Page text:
Academic journal article Contemporary Economic Policy

Interactions between Welfare Caseloads and Local Labor Markets

Academic journal article Contemporary Economic Policy

Interactions between Welfare Caseloads and Local Labor Markets

Article excerpt


Welfare reform and the introduction of work requirements have generated considerable interest in the consequences of the post-Aid to Families with Dependent Children (AFDC) policy regimes that spread across the states in the 1990s. There have been several lines of inquiry. (1) One has sought to identify the influence of state-specific reforms like waivers and time limits on caseloads and participation rates. A second and closely related line of inquiry has focused on the relative roles of welfare reform and state economic conditions in explaining the sharp decline in caseloads in the late 1990s. The state unemployment rate has served as the primary measure of economic conditions in this empirical research.

A third and smaller strand of research has explored the influence of welfare policy on economic well-being. Most of this emerging research examines the consequences of policy for the welfare population itself, while a small subset of the literature examines spillover effects for the broader population. The spillover hypothesis suggests that modern welfare programs and their attendant work requirements push the welfare population into the workforce, in turn depressing earnings, reducing hours of work, and raising unemployment rates.

Together, the research has led to some tentative conclusions regarding the consequences of welfare reform. Generally, policy parameters (including waivers and Temporary Assistance for Needy Families [TANF]) and economic conditions (in particular the unemployment rate) have had a significant influence on caseloads. There is also some evidence that welfare reform has made program participants better off, but several questions and puzzles remain.

This paper provides several contributions to the literature. First, we disentangle the potential two-way dynamic between caseload activity and labor market outcomes as described above using appropriate econometric techniques. Two approaches could conceivably be used. The first is an instrumental variables approach.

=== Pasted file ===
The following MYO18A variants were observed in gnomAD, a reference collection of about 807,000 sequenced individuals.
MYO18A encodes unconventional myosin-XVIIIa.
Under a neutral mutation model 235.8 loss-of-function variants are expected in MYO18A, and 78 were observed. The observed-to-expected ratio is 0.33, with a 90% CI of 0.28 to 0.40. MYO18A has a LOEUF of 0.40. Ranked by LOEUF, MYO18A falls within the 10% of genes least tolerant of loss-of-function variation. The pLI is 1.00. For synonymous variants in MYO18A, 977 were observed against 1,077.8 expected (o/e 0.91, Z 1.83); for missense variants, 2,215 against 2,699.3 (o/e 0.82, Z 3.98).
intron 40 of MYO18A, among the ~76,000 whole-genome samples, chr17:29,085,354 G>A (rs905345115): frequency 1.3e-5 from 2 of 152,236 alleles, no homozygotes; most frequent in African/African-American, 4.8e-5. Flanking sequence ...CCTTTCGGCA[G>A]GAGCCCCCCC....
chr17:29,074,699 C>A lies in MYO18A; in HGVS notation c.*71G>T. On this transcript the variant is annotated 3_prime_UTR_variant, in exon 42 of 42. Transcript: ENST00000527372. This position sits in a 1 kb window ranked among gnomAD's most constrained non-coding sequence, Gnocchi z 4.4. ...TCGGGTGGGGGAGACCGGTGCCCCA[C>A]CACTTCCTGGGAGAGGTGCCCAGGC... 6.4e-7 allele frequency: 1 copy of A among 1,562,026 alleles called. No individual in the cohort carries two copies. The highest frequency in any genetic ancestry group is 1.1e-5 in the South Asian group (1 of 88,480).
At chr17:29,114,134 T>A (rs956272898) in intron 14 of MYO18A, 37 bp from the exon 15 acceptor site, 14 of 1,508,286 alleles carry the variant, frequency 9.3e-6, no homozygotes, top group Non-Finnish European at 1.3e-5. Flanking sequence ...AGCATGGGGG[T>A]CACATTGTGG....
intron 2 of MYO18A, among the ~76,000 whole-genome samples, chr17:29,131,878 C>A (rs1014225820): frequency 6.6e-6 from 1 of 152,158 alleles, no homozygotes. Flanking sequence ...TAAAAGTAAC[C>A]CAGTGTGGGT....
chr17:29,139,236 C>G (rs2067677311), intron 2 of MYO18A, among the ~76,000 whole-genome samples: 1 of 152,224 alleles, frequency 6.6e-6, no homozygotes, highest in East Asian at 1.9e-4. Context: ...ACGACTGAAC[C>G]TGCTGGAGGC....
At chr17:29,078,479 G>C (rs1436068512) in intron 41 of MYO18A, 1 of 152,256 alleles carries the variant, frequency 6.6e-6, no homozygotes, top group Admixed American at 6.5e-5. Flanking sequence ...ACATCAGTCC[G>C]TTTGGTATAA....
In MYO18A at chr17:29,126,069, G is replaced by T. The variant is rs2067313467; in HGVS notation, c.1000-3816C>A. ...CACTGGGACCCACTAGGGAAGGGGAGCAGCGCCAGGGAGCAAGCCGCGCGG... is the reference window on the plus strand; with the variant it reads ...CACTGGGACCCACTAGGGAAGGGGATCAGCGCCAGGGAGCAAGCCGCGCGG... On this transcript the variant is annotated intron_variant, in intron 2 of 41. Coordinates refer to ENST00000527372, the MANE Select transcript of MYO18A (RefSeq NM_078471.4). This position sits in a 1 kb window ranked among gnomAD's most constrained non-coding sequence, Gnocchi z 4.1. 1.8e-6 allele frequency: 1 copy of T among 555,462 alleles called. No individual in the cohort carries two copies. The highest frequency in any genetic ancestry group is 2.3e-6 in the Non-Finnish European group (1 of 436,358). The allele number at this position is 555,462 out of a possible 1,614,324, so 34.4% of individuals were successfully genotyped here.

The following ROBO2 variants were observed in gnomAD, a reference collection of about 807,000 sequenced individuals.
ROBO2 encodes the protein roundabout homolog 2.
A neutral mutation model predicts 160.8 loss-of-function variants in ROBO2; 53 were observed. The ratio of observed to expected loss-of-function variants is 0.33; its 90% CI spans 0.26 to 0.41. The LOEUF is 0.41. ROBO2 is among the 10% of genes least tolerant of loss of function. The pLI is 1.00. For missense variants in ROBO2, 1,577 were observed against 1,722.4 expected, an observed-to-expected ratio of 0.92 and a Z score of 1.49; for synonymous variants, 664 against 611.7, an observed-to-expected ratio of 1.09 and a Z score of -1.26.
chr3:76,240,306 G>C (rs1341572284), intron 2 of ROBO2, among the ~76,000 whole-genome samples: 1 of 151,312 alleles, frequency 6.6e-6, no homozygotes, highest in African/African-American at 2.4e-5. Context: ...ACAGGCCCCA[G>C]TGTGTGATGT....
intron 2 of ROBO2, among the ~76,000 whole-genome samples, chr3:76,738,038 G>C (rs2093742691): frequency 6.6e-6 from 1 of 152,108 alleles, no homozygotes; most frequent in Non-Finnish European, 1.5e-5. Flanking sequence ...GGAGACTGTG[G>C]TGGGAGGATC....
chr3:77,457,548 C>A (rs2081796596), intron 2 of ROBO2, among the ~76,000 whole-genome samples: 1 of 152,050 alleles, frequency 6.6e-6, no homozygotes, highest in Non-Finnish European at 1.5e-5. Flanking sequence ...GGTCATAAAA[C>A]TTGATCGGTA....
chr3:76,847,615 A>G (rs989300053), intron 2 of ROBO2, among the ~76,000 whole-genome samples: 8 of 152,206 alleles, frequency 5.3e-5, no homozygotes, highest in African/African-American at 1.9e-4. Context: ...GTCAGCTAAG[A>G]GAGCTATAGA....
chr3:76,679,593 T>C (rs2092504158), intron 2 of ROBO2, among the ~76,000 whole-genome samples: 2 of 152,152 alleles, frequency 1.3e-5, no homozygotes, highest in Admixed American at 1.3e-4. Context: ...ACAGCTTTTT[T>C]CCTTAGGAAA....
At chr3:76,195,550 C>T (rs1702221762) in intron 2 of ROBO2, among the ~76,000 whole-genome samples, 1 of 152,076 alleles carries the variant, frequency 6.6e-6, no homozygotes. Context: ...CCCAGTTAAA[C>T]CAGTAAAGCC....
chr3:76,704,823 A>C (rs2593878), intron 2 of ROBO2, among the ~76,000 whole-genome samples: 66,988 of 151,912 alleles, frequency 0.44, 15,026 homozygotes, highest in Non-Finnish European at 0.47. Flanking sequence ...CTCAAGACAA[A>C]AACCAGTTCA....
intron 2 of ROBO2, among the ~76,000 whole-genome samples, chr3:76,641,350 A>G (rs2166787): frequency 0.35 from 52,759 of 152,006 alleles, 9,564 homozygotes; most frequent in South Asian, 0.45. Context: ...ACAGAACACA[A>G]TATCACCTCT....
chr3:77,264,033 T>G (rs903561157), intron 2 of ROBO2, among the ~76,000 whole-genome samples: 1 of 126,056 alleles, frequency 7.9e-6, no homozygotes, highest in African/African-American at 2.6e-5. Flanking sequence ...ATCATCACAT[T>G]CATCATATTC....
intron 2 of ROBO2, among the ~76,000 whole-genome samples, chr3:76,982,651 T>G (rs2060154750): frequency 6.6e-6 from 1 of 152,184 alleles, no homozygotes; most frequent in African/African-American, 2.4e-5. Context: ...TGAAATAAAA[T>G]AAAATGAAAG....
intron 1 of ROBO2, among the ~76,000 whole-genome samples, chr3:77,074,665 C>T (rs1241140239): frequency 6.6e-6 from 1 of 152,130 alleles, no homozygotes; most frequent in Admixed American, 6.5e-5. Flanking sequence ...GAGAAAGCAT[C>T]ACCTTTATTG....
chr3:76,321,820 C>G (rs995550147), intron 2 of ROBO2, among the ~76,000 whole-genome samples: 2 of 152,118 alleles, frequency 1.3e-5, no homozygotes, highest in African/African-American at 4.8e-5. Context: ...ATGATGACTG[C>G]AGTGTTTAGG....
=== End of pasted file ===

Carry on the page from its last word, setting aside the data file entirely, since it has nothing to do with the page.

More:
Because we are unable to find an appropriate instrument for the unemployment rate, we turn to a second approach and apply Granger-causality tests to allow inferences to be made on the direction of causality. As described below, we use the multiple-rank F test developed by Holmes and Hutton (1990, 1992) to test whether unemployment rates Granger-cause caseload activity and whether caseload activity Granger-causes unemployment rates.

We also make a number of more modest contributions. Unlike most research in the area, we focus on local labor markets, including both metropolitan and nonmetropolitan areas, for a single state. The use of local data allows for a closer correspondence between welfare cases and the market conditions individuals confront than is the case with state-level labor market data. The single-state focus allows us to ignore state welfare program parameters and isolate the interactions between caseload activity and local market conditions. Monthly data on caseload activity and local unemployment rates are used in the empirical analysis. In contrast to the existing literature that relies on data for the strong period of growth prior to the 2001 recession, we use data that begin in 1997, a period of strong economic growth, and close in September 2002, a period of stagnant job growth and rising unemployment rates.

We use unique data from Tennessee, a state that has imposed time limits on the receipt of welfare benefits. Data on caseload stocks and flows are examined to determine their influence on the local unemployment rate and the effect of the unemployment rate on caseload activity. We cannot directly address the spillover hypothesis in terms of how time limits affect individual labor market outcomes. However, we can explore the way in which caseload activity influences aggregate labor market outcomes, thus offering further evidence on labor market-caseload dynamics. …

Search by... Author
Show... All Results Primary Sources Peer-reviewed


An unknown error has occurred. Please click the button below to reload the page. If the problem persists, please try again in a little while.